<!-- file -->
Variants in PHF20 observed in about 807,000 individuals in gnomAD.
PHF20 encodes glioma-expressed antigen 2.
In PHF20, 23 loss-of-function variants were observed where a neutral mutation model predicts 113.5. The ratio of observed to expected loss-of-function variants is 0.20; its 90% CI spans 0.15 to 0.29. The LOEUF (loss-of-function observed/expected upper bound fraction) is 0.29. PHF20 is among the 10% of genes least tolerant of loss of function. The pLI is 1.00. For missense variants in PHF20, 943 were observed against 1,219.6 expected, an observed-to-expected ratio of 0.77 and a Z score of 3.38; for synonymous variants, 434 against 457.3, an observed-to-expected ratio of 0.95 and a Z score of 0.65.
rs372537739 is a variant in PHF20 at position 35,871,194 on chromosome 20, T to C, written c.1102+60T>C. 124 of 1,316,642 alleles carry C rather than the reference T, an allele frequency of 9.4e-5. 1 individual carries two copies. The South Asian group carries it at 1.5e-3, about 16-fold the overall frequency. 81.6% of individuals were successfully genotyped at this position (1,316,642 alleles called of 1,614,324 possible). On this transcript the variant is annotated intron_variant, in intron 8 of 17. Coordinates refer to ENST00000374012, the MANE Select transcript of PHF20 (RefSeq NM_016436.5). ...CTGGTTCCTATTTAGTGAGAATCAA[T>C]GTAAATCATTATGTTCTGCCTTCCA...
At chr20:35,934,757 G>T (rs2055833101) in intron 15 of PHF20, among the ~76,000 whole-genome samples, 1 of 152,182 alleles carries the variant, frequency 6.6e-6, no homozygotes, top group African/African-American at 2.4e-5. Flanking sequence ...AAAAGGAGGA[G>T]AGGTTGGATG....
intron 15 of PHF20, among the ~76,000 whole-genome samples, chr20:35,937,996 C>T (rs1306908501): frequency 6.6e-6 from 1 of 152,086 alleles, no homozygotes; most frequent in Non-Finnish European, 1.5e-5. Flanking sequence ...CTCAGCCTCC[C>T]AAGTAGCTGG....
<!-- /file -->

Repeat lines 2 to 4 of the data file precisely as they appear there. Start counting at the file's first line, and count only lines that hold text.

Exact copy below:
PHF20 encodes glioma-expressed antigen 2.
In PHF20, 23 loss-of-function variants were observed where a neutral mutation model predicts 113.5. The ratio of observed to expected loss-of-function variants is 0.20; its 90% CI spans 0.15 to 0.29. The LOEUF (loss-of-function observed/expected upper bound fraction) is 0.29. PHF20 is among the 10% of genes least tolerant of loss of function. The pLI is 1.00. For missense variants in PHF20, 943 were observed against 1,219.6 expected, an observed-to-expected ratio of 0.77 and a Z score of 3.38; for synonymous variants, 434 against 457.3, an observed-to-expected ratio of 0.95 and a Z score of 0.65.
rs372537739 is a variant in PHF20 at position 35,871,194 on chromosome 20, T to C, written c.1102+60T>C. 124 of 1,316,642 alleles carry C rather than the reference T, an allele frequency of 9.4e-5. 1 individual carries two copies. The South Asian group carries it at 1.5e-3, about 16-fold the overall frequency. 81.6% of individuals were successfully genotyped at this position (1,316,642 alleles called of 1,614,324 possible). On this transcript the variant is annotated intron_variant, in intron 8 of 17. Coordinates refer to ENST00000374012, the MANE Select transcript of PHF20 (RefSeq NM_016436.5). ...CTGGTTCCTATTTAGTGAGAATCAA[T>C]GTAAATCATTATGTTCTGCCTTCCA...